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Part of the cardiovascular system, the vasa vasorum is a network of small blood vessels that help supply larger vessels with blood. This phrase literally means "vessels of the vessels" in Latin, describing their function of providing blood and oxygen to arteries and veins that supply blood and oxygen to the rest of the body. The largest blood vessels in the body, such as the aorta, depend on this support network to maintain healthy function. Both oxygenated and deoxygenated blood are carried to and from larger vessels by these tiny blood vessels.
The vasa vasorum is needed to supply large arteries and veins because of their size. In order to effectively receive oxygen from the bloodstream, cells must be very close to a blood vessel or capillary so the oxygen can pass into each individual cell. Most blood vessels and veins absorb oxygen from the blood flowing inside them. However, because the large veins and arteries are by necessity so thick, their outer and middle cell layers cannot be adequately nourished without this additional network of blood vessels to support them by providing oxygenated blood and carrying away deoxygenated blood.
There are three major types of vasa vasorum, classified by where they originate and where they lead. The vasa vasorum internae originate from inside the main artery or vein and pass into the vessel's walls. Vasa vasorum externae originate in the main artery's branches, then return to the main artery or vein to nourish the cells farther away from the vessel's interior. Venous vasa vasorae have their origins in the main artery, then drain into the artery's concomitant vein, or "partner" vein. The exact structure and function of these blood vessels varies depending on which of these types it is and where it is located.
The function of vasa vasorum in supporting the aorta has been the subject of much study. In some areas, the human aorta does not have vasa vasorum, and in these areas, the aorta's walls are much thinner, making anyeurism more likely to occur in those locations. By contrast, dogs and some other mammals do have these vessels in these areas of the aorta, allowing the vessel walls to be thicker and less susceptible to anyeurism. This complex network of vessels is more commonly found in arteries than in veins, possibly because arterial walls tend to be thicker and more muscular than the walls of even the largest veins.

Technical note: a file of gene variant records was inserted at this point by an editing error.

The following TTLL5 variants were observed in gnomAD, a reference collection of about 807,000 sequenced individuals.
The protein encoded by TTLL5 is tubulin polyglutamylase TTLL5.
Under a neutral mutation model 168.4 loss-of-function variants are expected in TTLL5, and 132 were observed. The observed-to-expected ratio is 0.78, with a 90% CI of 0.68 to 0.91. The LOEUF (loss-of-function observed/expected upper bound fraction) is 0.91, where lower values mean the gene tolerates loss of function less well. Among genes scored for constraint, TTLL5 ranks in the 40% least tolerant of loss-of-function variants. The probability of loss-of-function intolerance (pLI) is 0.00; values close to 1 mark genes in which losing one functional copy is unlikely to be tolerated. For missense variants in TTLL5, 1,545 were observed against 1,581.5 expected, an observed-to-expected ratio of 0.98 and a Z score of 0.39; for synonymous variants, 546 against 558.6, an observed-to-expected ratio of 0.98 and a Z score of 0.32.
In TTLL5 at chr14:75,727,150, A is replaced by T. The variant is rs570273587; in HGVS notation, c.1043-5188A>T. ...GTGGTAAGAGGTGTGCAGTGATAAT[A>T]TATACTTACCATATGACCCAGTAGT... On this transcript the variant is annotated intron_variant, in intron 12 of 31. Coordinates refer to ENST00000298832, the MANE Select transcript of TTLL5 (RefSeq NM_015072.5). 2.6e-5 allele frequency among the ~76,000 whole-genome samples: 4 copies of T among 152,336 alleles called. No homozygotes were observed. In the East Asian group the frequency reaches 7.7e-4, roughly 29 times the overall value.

@Sinbad: Syphilis is much less common now than before the rise of antibiotics/penicillin. But still there were 46,042 reported new cases of syphilis in 2011 in the USA, compared to 48,298 estimated new diagnoses of HIV infection and 321,849 cases of gonorrhea in 2011. So it's about as common as HIV (Note: syphilis increases risk of HIV transmission two to five times).
However, 90 percent of cases are in the developing world. In Sub-Saharan Africa, syphilis contributes to 20 percent of perinatal deaths.
Also, in 2011, 72 percent of P&S syphilis occurred among men who have sex with men. In 1997, the rates of syphilis were nearly equal in men and women. By 2007, the rate of syphilis in men was six times that of women
@Snickerish: Syphilis is caused by the spirochete Treponema pallidum. The primary route of transmission in humans is sex (i.e., direct contact with a sore (chancre) on external genitals, vagina, anus, rectum, orally, etc.)
There is another route of transmission: from mother to child- and that's called congenital syphilis. There were 360 reports of children with congenital syphilis in 2011 in the USA.
Lastly, syphilis and vasa vasorum: The treponema invades the aortic wall, leading to obliterative vasa vasorum endarteritis (necrosis of aortic elastic fibers and connective tissue). You can call this syphilitic aortitis. In untreated syphilis, this happens in 70-80 percent of infections.
Syphilitic aortitis is one of the primary lesions of an overarching group of cardiovascular syphilis (presents in the fourth or fifth decade of life, between five and 40(!) years after initial infection). The one year mortality rate of this complication reaches 80 percent because of the high rate of rupturing aneurysms. However, such late forms of syphilis are rare because of penicillin. Interesting stuff.
@Sinbad - There are different names for different syphilis types. There is one the type I had heard of, syphilis the sexually transmitted disease (STD). It is still around, in 2006 approximately 36,000 cases were reported.
I don't know if that syphilis has a connection to the vasa vasorum, it very well may, but in my studying I did see that there was a cardiovascular syphilis that involved the vasa vasorum. I also am unsure if all syphilis types have to be STDs or if that is just that one type! Guess I better keep hitting the study books!
I understand what the vasa vasorum is, and why it is so important in why someone may or may not have an aneurysm or be less likely to have an aneurysm, but I have also heard of a link between the vasa vasorum and syphilis.
Is syphilis a common disease? I thought it was a disease that had been more or less wiped out to the point it was in very few places and in low numbers. Maybe I am confusing it with another disease...
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